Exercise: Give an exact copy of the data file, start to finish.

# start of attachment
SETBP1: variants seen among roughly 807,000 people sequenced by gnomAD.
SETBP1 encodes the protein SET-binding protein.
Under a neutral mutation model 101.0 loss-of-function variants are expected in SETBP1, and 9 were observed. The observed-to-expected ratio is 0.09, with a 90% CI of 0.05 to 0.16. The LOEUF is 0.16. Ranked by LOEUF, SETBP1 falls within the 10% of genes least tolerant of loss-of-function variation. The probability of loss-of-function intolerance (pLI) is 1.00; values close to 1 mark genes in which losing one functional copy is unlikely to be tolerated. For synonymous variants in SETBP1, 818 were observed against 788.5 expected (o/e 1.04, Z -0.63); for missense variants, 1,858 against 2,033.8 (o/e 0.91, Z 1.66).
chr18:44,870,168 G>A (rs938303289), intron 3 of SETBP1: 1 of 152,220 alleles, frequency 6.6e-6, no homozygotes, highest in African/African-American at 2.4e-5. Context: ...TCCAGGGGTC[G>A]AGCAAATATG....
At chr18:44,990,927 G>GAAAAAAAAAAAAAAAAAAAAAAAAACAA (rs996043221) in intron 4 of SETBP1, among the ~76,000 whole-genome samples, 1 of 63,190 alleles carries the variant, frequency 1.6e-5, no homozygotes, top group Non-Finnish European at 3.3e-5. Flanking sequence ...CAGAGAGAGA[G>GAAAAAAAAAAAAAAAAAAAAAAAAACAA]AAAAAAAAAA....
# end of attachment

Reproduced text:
SETBP1: variants seen among roughly 807,000 people sequenced by gnomAD.
SETBP1 encodes the protein SET-binding protein.
Under a neutral mutation model 101.0 loss-of-function variants are expected in SETBP1, and 9 were observed. The observed-to-expected ratio is 0.09, with a 90% CI of 0.05 to 0.16. The LOEUF is 0.16. Ranked by LOEUF, SETBP1 falls within the 10% of genes least tolerant of loss-of-function variation. The probability of loss-of-function intolerance (pLI) is 1.00; values close to 1 mark genes in which losing one functional copy is unlikely to be tolerated. For synonymous variants in SETBP1, 818 were observed against 788.5 expected (o/e 1.04, Z -0.63); for missense variants, 1,858 against 2,033.8 (o/e 0.91, Z 1.66).
chr18:44,870,168 G>A (rs938303289), intron 3 of SETBP1: 1 of 152,220 alleles, frequency 6.6e-6, no homozygotes, highest in African/African-American at 2.4e-5. Context: ...TCCAGGGGTC[G>A]AGCAAATATG....
At chr18:44,990,927 G>GAAAAAAAAAAAAAAAAAAAAAAAAACAA (rs996043221) in intron 4 of SETBP1, among the ~76,000 whole-genome samples, 1 of 63,190 alleles carries the variant, frequency 1.6e-5, no homozygotes, top group Non-Finnish European at 3.3e-5. Flanking sequence ...CAGAGAGAGA[G>GAAAAAAAAAAAAAAAAAAAAAAAAACAA]AAAAAAAAAA....